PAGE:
The colleague then said, “I knew you’d tell me that, but I want this particular SUV anyway.” And she bought it. What an unnecessary waste of resources.

  • Neil O says:

    Ok, let me restate some facts and then work out the math.

    * Americans averagely travel 40 miles and consume approximately 1.8 gallons of gasoline per day.

    * 50% of the working population commutes five miles or less to work.

    * In the third quarter of 2009, the American labor force comprised 154.4 million people.
    [http://en.wikipedia.org/wiki/United_States]

    So we have 150 million total workers commuting on average 40 miles per day. That’s 6 billion vehicle miles per day.

    However 50% of those workers commute fewer than 5 miles. Those workers account for 375 million vehicle miles per day. (That’s a high estimate, by the way, because I’m assuming a full 5 mile commute for all 75 million. In reality it’s somewhat less than this.)

    If ALL of those people rode a bicycle rather than drive, then we would reduce the overall vehicle miles traveled per day by 375/6000 = 6.25%.

    Of course we all know 75 million bicycle commuters nationwide would be a HUGE increase over what we have today. But even such an enormous change would not be enough to eliminate the demand for offshore drilling.

    The problem is that our communities have been planned with a faulty assumption that we can live far from where we work. If 50% of commuters drive 5 miles or less, then the other 50% must be driving **75 miles or more** in order for the national average to be 40 miles a day.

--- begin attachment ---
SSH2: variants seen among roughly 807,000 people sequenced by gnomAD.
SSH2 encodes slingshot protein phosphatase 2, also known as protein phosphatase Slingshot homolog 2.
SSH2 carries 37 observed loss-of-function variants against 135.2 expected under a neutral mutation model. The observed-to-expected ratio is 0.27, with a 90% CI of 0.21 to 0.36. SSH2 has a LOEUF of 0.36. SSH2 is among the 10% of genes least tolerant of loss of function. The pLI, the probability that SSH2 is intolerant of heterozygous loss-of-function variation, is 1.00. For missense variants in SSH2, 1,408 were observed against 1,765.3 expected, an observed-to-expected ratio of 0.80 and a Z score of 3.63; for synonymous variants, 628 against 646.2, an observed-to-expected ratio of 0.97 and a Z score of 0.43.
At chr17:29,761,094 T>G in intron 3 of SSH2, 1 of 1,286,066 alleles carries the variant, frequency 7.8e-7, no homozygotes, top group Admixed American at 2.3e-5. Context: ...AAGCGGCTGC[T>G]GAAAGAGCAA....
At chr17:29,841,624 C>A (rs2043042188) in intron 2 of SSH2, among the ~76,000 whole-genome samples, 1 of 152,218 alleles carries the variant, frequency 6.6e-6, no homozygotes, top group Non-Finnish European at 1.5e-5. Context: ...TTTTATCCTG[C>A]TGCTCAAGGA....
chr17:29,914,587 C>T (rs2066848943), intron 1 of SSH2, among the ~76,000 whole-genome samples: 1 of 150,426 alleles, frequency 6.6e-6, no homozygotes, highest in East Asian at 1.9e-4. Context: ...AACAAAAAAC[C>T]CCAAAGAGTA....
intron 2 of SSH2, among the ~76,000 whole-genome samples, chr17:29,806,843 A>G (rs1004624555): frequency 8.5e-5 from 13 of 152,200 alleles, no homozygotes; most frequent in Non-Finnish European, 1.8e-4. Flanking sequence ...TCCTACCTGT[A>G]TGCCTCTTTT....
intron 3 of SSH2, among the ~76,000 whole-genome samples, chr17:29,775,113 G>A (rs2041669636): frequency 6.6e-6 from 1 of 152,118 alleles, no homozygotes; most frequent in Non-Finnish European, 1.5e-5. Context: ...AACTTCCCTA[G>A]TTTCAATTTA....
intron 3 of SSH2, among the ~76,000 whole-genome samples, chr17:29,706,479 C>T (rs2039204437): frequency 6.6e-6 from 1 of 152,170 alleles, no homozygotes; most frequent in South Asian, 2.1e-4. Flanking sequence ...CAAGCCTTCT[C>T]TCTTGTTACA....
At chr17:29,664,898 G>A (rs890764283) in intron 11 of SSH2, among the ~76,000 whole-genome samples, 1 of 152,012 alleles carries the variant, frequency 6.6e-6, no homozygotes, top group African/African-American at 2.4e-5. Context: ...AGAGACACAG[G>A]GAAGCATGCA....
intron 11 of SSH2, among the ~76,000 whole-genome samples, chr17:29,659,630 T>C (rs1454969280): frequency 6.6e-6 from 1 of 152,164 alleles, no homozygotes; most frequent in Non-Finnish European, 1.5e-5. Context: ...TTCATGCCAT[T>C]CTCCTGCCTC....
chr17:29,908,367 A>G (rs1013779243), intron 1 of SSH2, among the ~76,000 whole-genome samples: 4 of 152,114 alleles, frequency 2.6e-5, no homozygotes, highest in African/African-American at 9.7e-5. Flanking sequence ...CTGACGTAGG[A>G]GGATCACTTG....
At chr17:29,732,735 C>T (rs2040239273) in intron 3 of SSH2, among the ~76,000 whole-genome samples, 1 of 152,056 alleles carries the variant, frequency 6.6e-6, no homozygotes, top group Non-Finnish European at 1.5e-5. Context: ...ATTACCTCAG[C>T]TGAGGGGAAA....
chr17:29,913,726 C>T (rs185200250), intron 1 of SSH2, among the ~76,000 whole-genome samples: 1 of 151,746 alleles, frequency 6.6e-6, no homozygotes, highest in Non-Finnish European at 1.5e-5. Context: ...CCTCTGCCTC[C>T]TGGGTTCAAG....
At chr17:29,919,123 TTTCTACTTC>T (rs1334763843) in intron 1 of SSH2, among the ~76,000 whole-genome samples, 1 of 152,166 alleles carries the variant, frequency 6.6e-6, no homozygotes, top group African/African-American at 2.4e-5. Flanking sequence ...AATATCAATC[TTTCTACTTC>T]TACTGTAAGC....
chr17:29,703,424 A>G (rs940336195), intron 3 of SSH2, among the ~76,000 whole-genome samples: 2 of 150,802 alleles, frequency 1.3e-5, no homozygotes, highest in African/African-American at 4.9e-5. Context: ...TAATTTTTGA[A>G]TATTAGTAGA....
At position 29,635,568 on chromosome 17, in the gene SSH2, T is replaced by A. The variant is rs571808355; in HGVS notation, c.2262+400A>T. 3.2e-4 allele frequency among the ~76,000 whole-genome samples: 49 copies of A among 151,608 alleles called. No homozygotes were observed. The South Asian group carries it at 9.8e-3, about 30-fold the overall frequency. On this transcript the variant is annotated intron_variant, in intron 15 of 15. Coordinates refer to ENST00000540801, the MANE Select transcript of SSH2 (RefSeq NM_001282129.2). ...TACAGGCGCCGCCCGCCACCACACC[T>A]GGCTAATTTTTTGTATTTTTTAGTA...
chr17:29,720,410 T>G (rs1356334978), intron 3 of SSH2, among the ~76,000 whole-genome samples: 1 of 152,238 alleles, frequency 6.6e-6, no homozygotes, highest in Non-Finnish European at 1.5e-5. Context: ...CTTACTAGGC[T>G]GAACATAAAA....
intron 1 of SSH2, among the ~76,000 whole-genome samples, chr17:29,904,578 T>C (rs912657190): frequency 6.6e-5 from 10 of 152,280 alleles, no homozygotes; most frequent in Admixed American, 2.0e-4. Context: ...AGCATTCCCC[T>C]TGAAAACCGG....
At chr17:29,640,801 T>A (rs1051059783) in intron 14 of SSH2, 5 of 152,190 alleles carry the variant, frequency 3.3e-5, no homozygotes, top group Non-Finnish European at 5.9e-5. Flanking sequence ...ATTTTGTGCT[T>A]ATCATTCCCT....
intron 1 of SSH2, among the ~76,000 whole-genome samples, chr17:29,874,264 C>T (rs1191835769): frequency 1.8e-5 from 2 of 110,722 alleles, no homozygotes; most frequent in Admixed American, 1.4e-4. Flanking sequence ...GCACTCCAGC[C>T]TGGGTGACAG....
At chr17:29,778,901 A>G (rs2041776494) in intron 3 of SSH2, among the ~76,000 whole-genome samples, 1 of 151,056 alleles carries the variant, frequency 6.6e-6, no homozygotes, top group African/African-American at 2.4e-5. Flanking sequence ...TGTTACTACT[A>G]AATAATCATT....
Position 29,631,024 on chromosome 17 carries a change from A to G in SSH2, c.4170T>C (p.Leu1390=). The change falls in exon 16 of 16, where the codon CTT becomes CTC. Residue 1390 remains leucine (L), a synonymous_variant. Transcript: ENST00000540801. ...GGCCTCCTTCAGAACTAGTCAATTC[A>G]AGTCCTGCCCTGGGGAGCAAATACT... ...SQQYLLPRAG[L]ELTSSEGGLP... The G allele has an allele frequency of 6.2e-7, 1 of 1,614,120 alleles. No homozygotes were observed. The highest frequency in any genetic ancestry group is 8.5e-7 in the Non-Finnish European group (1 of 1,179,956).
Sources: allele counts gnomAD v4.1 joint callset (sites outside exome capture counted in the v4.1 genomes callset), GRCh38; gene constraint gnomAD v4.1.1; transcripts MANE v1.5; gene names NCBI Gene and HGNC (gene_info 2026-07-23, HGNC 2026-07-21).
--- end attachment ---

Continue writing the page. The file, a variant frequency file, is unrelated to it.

What needs to happen is incredibly difficult. On average people need to live closer to where they work. If some of them cycle or use public transportation that’s great, but the heavy oil consumption is driven by the population who live too far away for anything but a car to be practical for commuting. Somehow that needs to change.

  • Alan says:

    @Neil O

    Thanks for that, Neil. The important detail you left out of the equation is the fact that 70-80% of total miles are for trips other than commuting. In other words, even if it can’t be done by shifting commuting patterns alone, there is tremendous potential to reduce gas consumption by using our bicycles for shopping, socializing, and other non-work-related trips.

    Alan

  • Randy says:

    I posted similar sentiments the other day on twitter and actually had a couple people say they were trying to figure out some way to use less oil and even stated they would try to ride a bike on small trips (i suggested they read your website to get inspired). So at least there may be some hope for people realizing how damaging this “American dream” is to all of us. However, i also had a coworker try to tell me his SUV is more economical than my bicycle (not sure how and he is suppose to let me know when he figures out exactly how it is more economical).

  • Erik Sandblom says:

    Neil, I assume BoingBoing’s 40 mile number also includes trips not related to commuting, such as holidays.